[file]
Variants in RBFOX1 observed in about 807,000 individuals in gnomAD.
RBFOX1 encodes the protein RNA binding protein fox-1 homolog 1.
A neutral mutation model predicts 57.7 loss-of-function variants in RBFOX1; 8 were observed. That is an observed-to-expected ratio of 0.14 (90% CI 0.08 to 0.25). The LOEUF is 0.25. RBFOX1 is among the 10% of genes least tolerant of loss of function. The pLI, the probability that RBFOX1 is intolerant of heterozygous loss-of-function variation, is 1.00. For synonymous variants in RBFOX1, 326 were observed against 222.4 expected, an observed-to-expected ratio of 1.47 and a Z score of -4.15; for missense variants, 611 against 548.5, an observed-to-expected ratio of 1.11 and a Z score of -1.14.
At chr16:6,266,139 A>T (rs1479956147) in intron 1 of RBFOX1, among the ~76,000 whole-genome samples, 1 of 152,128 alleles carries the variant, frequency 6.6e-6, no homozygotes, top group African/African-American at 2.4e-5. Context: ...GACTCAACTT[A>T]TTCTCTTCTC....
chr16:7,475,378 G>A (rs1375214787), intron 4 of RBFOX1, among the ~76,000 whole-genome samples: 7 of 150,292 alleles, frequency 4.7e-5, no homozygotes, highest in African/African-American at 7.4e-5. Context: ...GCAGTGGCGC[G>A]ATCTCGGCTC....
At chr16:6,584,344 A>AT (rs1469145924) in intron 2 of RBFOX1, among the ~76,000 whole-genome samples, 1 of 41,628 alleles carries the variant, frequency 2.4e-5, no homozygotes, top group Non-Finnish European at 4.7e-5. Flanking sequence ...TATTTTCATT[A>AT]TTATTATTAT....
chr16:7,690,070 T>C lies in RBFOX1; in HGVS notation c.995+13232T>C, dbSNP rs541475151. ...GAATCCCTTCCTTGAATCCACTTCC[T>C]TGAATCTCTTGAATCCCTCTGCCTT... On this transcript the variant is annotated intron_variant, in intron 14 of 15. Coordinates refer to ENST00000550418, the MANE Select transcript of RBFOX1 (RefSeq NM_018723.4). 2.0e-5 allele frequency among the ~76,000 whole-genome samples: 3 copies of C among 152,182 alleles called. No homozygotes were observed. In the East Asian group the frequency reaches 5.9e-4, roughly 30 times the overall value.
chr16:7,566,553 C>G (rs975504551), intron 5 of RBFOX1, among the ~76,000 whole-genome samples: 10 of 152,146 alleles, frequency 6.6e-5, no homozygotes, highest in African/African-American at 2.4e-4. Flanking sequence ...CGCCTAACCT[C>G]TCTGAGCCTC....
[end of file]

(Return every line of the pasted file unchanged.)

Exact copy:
Variants in RBFOX1 observed in about 807,000 individuals in gnomAD.
RBFOX1 encodes the protein RNA binding protein fox-1 homolog 1.
A neutral mutation model predicts 57.7 loss-of-function variants in RBFOX1; 8 were observed. That is an observed-to-expected ratio of 0.14 (90% CI 0.08 to 0.25). The LOEUF is 0.25. RBFOX1 is among the 10% of genes least tolerant of loss of function. The pLI, the probability that RBFOX1 is intolerant of heterozygous loss-of-function variation, is 1.00. For synonymous variants in RBFOX1, 326 were observed against 222.4 expected, an observed-to-expected ratio of 1.47 and a Z score of -4.15; for missense variants, 611 against 548.5, an observed-to-expected ratio of 1.11 and a Z score of -1.14.
At chr16:6,266,139 A>T (rs1479956147) in intron 1 of RBFOX1, among the ~76,000 whole-genome samples, 1 of 152,128 alleles carries the variant, frequency 6.6e-6, no homozygotes, top group African/African-American at 2.4e-5. Context: ...GACTCAACTT[A>T]TTCTCTTCTC....
chr16:7,475,378 G>A (rs1375214787), intron 4 of RBFOX1, among the ~76,000 whole-genome samples: 7 of 150,292 alleles, frequency 4.7e-5, no homozygotes, highest in African/African-American at 7.4e-5. Context: ...GCAGTGGCGC[G>A]ATCTCGGCTC....
At chr16:6,584,344 A>AT (rs1469145924) in intron 2 of RBFOX1, among the ~76,000 whole-genome samples, 1 of 41,628 alleles carries the variant, frequency 2.4e-5, no homozygotes, top group Non-Finnish European at 4.7e-5. Flanking sequence ...TATTTTCATT[A>AT]TTATTATTAT....
chr16:7,690,070 T>C lies in RBFOX1; in HGVS notation c.995+13232T>C, dbSNP rs541475151. ...GAATCCCTTCCTTGAATCCACTTCC[T>C]TGAATCTCTTGAATCCCTCTGCCTT... On this transcript the variant is annotated intron_variant, in intron 14 of 15. Coordinates refer to ENST00000550418, the MANE Select transcript of RBFOX1 (RefSeq NM_018723.4). 2.0e-5 allele frequency among the ~76,000 whole-genome samples: 3 copies of C among 152,182 alleles called. No homozygotes were observed. In the East Asian group the frequency reaches 5.9e-4, roughly 30 times the overall value.
chr16:7,566,553 C>G (rs975504551), intron 5 of RBFOX1, among the ~76,000 whole-genome samples: 10 of 152,146 alleles, frequency 6.6e-5, no homozygotes, highest in African/African-American at 2.4e-4. Flanking sequence ...CGCCTAACCT[C>G]TCTGAGCCTC....